i think overall it was more strenuous than any of us had anticipated. there was a lot more climbing and lowering yourself down steep angles than i thought there would be. at some point we had just half-slid half lowered ourselves like crabs down a very steep and slippery wall and those of us in the front had a moment to stop and catch our breath. we were standing in the bottom of a steep-walled room, at least fifty feet to the ceiling, with no visible way out. dave pointed his light to the ceiling opposite. there was no opening we could see and the way up looked almost featureless – there was no real rock fall to climb on. we all looked at each other. “we’re going up there??”

everyone had to sign a waiver first, and it was easy to see why. there were a lot of moments when a slip or a misstep could’ve led to someone falling down a rock-lined hole. at any given moment, not being aware of where you were putting your feet and also making sure you had a good hand-hold could’ve meant a bad fall.

i realize looking at this that i’m making it seem impossible or terrifyingly perilous. it was hard and definitely dangerous, but i was surprised by how much i was capable of – i think everyone was surprised to find they could do more and push themselves further than they thought. i was surprised i could climb out of a narrow hole, surprised i could free-climb slippery rock, surprised i could balance in a chimney on one tiptoe while getting my other foot right in front of my chest to lever myself up to the cave floor. surprised by how confident i felt in my ability to do all these things.

i wasn’t surprised by how much i loved it. i think i said “i love this” at least ten times while we were down there. a quarter of the way through mark and i were already planning out our next trip. it was the most wholly physically demanding thing i’ve ever done – today, two days later, my body still hurts in places i didn’t know i had muscles – and every minute was thrilling. i’ve never felt so alive – cliché? yeah, but completely true.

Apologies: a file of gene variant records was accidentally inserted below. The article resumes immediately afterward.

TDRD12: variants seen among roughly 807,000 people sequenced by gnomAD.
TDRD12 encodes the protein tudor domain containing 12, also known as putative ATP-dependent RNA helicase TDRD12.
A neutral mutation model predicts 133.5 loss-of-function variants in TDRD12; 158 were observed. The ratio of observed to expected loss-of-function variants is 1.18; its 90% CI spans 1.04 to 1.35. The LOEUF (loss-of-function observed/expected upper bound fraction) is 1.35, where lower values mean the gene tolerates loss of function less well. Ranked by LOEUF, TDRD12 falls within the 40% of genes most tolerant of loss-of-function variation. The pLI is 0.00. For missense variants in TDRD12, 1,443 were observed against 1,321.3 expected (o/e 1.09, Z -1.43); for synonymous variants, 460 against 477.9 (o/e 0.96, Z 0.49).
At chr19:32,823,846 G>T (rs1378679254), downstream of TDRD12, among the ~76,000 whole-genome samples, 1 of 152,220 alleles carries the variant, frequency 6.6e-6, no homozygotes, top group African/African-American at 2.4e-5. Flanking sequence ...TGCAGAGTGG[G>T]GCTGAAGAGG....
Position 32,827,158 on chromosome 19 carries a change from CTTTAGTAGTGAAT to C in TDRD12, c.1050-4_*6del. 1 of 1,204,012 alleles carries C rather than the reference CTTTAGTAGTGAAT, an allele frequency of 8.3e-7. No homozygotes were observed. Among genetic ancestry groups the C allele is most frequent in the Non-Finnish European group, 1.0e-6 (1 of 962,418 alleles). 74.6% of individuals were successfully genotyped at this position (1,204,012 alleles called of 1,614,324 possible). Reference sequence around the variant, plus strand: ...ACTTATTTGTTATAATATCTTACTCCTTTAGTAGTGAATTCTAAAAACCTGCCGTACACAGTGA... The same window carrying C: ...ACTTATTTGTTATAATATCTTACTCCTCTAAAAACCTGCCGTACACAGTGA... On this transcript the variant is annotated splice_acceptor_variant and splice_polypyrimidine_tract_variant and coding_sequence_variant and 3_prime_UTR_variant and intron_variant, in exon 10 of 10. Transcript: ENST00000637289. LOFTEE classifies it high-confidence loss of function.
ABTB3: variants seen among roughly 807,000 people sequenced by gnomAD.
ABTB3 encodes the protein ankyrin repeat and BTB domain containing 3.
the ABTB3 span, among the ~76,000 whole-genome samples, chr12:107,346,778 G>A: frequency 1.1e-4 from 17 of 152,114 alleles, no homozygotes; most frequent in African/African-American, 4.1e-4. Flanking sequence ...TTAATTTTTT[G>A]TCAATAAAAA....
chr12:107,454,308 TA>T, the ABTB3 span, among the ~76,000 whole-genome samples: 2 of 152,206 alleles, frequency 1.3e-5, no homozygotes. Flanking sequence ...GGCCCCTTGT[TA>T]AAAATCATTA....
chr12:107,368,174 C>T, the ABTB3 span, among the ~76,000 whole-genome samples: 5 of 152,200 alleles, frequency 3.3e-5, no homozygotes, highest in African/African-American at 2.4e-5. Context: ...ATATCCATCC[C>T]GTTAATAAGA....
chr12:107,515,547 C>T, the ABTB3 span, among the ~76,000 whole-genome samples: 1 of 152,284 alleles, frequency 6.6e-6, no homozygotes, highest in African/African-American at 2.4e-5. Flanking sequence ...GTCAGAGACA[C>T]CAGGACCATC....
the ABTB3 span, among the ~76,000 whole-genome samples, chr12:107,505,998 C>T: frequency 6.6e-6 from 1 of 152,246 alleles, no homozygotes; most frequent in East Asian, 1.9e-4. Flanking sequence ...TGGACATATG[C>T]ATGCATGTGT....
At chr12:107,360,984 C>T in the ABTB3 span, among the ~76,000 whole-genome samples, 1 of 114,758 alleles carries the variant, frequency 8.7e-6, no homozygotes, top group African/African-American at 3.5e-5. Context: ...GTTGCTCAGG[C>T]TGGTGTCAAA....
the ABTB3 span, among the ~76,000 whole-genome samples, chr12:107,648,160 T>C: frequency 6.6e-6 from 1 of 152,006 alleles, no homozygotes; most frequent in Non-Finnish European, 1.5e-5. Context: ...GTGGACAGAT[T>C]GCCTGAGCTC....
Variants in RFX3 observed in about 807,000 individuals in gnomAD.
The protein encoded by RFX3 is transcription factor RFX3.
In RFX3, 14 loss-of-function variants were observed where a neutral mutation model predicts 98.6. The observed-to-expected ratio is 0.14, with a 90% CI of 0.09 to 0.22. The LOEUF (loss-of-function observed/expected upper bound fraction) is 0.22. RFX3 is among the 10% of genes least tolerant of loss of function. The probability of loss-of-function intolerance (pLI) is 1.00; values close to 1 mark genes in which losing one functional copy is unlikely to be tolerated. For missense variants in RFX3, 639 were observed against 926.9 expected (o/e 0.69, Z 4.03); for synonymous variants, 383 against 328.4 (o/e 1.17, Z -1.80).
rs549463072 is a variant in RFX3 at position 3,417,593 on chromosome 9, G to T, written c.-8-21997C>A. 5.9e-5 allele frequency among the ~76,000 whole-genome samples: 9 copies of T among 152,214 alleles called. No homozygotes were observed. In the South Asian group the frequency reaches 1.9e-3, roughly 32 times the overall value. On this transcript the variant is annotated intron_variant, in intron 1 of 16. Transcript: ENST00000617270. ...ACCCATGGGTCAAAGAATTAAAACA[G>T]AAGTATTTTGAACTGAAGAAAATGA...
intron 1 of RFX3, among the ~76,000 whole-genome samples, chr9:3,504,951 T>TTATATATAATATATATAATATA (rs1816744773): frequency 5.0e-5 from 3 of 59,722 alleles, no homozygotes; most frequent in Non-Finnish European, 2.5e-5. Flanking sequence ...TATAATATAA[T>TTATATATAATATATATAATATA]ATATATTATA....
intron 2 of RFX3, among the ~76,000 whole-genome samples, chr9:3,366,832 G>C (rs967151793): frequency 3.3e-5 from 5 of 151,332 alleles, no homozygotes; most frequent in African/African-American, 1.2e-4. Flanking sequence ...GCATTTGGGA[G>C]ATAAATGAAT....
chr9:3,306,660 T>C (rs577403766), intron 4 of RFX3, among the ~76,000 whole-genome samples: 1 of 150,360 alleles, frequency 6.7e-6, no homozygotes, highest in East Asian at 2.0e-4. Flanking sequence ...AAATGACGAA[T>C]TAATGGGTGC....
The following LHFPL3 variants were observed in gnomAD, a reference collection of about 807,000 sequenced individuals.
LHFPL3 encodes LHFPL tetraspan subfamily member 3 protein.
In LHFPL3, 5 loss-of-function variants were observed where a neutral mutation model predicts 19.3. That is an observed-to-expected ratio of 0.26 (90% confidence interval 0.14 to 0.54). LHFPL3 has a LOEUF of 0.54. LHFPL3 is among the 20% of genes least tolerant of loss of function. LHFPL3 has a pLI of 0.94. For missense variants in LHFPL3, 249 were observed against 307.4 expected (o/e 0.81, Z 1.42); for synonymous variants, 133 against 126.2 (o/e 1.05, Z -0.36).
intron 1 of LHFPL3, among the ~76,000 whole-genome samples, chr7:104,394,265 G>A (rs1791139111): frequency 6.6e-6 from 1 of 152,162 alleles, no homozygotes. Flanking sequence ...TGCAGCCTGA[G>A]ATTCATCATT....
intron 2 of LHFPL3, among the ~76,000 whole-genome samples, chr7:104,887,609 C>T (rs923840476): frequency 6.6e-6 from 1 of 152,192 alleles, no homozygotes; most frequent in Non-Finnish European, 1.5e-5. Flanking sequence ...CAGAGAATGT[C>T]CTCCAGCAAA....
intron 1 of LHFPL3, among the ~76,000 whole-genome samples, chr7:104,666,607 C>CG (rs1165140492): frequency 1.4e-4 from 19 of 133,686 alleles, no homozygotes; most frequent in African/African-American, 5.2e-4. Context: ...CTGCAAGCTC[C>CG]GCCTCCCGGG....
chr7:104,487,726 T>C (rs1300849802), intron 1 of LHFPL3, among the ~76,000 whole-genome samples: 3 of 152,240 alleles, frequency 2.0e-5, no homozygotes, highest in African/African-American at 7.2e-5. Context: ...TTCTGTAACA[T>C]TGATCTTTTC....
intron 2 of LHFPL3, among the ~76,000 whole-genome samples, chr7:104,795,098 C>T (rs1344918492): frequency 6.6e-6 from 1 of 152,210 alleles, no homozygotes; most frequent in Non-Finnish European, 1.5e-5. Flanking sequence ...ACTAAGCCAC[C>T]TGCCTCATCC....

my ds lite is so fun! the mini-game based titles i’ve been playing are fun and i had forgotten how much fun mariokart is. i can’t wait to go to la and play mariokart with pat and glen via wifi! i’m looking for other titles to try out. suggestions?

cardboard-flavored water isn’t awful tasting, but it’s pretty gross when you’re expecting regular water. after the initial shock it wasn’t so bad.

…ok, it was still horrible.


mythlandia is a giant mural by julian hector. it depicts all sorts of scenes from mythology, religion and literature. pretty cool, and viewer is neat too – it’s sort of like the new google maps ‘where are you in this city’ locator.

i like the minotaur all alone with his tiny shaft of light (lower right). he looks so lonely! he just needs a hug. …but someone else try that; i’m not gonna.

pirates of the caribbean 2: longest movie ever.

…fun though.

life (briefly) near a supernova‘ (PDF) is a paper written by steven i. dutch which speaks in layman’s terms about what it would be like to actually witness a supernova. for illustrative purposes, he offers some pretty chilling comparisons to smaller-scale events:

The sun going supernova would be the equivalent of standing a kilometer away when the entire Earth’s nuclear arsenal goes off every second. And this radiation flux would go on for several days before dropping to a plateau of “only” a billion times solar luminosity for roughly 100 days. Clearly, the Earth would not survive.


How bright is 10 billion times solar luminosity?…It would take 100,000 Suns to cover the visible sky. Imagine the entire sky covered with Suns. Now imagine each of them 100,000 times brighter than our Sun. You could never see anything this bright. Your light receptors would overload instantly and you would probably vaporize before the sensory input could reach your brain. Very likely the flux of penetrative (X-ray and gamma ray) radiation would be enough to disrupt every atomic bond in your body before the sensory input could reach your brain.

good reading for any of you who are interested in sci-fi, astronomy or really big explosions that result in entire planets being boiled away by radiation.

via metafilter